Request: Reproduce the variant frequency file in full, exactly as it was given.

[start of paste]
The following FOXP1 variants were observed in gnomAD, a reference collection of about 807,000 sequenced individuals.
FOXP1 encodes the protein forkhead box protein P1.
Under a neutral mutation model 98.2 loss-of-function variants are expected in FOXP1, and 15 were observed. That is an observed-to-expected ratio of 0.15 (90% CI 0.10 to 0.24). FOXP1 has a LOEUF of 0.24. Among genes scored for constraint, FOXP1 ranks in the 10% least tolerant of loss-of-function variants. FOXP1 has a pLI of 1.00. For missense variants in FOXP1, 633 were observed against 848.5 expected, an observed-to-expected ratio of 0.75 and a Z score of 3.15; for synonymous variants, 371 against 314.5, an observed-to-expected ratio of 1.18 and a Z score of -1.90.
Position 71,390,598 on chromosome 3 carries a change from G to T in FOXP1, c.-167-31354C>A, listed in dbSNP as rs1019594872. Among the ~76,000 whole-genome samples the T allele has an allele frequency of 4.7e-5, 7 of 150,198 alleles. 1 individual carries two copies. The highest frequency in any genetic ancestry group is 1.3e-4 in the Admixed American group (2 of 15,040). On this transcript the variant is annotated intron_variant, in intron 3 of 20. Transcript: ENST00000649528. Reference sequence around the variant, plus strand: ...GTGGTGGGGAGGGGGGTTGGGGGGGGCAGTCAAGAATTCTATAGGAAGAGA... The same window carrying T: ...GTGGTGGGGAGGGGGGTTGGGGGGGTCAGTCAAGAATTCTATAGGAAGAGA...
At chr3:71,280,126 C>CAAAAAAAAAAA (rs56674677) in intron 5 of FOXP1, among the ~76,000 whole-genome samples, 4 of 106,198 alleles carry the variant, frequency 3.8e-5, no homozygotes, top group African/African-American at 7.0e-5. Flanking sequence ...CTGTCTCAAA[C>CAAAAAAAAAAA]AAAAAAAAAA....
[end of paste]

The following FOXP1 variants were observed in gnomAD, a reference collection of about 807,000 sequenced individuals.
FOXP1 encodes the protein forkhead box protein P1.
Under a neutral mutation model 98.2 loss-of-function variants are expected in FOXP1, and 15 were observed. That is an observed-to-expected ratio of 0.15 (90% CI 0.10 to 0.24). FOXP1 has a LOEUF of 0.24. Among genes scored for constraint, FOXP1 ranks in the 10% least tolerant of loss-of-function variants. FOXP1 has a pLI of 1.00. For missense variants in FOXP1, 633 were observed against 848.5 expected, an observed-to-expected ratio of 0.75 and a Z score of 3.15; for synonymous variants, 371 against 314.5, an observed-to-expected ratio of 1.18 and a Z score of -1.90.
Position 71,390,598 on chromosome 3 carries a change from G to T in FOXP1, c.-167-31354C>A, listed in dbSNP as rs1019594872. Among the ~76,000 whole-genome samples the T allele has an allele frequency of 4.7e-5, 7 of 150,198 alleles. 1 individual carries two copies. The highest frequency in any genetic ancestry group is 1.3e-4 in the Admixed American group (2 of 15,040). On this transcript the variant is annotated intron_variant, in intron 3 of 20. Transcript: ENST00000649528. Reference sequence around the variant, plus strand: ...GTGGTGGGGAGGGGGGTTGGGGGGGGCAGTCAAGAATTCTATAGGAAGAGA... The same window carrying T: ...GTGGTGGGGAGGGGGGTTGGGGGGGTCAGTCAAGAATTCTATAGGAAGAGA...
At chr3:71,280,126 C>CAAAAAAAAAAA (rs56674677) in intron 5 of FOXP1, among the ~76,000 whole-genome samples, 4 of 106,198 alleles carry the variant, frequency 3.8e-5, no homozygotes, top group African/African-American at 7.0e-5. Flanking sequence ...CTGTCTCAAA[C>CAAAAAAAAAAA]AAAAAAAAAA....